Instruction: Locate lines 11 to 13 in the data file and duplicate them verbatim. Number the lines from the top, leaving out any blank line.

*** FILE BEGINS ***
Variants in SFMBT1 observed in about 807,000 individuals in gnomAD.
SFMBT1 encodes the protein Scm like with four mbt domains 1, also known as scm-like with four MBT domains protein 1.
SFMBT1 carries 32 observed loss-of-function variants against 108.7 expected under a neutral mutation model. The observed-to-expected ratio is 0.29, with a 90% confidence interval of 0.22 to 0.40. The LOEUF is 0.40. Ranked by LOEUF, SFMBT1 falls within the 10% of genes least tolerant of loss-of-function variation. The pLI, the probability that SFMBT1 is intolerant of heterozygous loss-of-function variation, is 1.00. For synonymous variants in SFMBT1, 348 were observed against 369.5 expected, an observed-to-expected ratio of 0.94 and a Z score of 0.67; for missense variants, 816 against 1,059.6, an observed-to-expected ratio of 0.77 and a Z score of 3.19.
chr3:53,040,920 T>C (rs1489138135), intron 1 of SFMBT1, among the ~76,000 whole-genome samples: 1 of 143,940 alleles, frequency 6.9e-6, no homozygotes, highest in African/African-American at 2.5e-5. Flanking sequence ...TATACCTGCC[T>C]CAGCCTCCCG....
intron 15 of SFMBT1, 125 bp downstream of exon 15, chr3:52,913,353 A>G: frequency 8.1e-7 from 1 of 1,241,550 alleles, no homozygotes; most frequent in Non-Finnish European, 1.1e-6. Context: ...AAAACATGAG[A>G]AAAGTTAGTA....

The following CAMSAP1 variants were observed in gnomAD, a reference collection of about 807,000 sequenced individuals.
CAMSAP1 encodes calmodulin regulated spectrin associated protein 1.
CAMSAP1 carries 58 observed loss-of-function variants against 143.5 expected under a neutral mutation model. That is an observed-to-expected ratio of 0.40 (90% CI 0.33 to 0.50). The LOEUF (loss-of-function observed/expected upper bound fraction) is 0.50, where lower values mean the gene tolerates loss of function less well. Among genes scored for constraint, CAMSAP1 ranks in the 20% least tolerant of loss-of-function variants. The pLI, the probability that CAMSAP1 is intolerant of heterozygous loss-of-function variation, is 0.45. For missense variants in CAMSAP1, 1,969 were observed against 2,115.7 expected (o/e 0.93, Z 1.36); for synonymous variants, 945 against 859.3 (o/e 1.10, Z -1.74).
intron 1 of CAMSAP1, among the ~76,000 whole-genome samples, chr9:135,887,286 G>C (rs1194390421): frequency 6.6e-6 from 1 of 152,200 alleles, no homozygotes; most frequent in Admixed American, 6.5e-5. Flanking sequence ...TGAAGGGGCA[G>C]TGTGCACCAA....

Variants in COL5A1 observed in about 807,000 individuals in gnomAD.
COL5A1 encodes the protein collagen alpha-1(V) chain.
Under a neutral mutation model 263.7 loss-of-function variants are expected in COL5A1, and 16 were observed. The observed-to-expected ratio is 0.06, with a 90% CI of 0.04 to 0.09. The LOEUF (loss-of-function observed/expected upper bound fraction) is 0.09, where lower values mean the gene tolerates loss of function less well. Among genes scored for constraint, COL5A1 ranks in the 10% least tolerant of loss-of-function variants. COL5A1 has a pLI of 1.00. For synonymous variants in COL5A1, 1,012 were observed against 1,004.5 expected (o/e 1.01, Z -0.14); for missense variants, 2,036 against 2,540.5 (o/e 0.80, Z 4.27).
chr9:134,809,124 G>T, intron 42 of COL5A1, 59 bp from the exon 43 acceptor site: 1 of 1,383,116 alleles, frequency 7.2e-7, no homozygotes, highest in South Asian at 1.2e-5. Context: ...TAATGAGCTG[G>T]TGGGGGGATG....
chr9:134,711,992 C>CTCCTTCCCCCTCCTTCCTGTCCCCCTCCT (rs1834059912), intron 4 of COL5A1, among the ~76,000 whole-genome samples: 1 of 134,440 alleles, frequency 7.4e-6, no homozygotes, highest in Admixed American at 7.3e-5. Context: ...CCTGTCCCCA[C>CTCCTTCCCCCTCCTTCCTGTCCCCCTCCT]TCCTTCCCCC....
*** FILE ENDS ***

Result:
COL5A1 encodes the protein collagen alpha-1(V) chain.
Under a neutral mutation model 263.7 loss-of-function variants are expected in COL5A1, and 16 were observed. The observed-to-expected ratio is 0.06, with a 90% CI of 0.04 to 0.09. The LOEUF (loss-of-function observed/expected upper bound fraction) is 0.09, where lower values mean the gene tolerates loss of function less well. Among genes scored for constraint, COL5A1 ranks in the 10% least tolerant of loss-of-function variants. COL5A1 has a pLI of 1.00. For synonymous variants in COL5A1, 1,012 were observed against 1,004.5 expected (o/e 1.01, Z -0.14); for missense variants, 2,036 against 2,540.5 (o/e 0.80, Z 4.27).
chr9:134,809,124 G>T, intron 42 of COL5A1, 59 bp from the exon 43 acceptor site: 1 of 1,383,116 alleles, frequency 7.2e-7, no homozygotes, highest in South Asian at 1.2e-5. Context: ...TAATGAGCTG[G>T]TGGGGGGATG....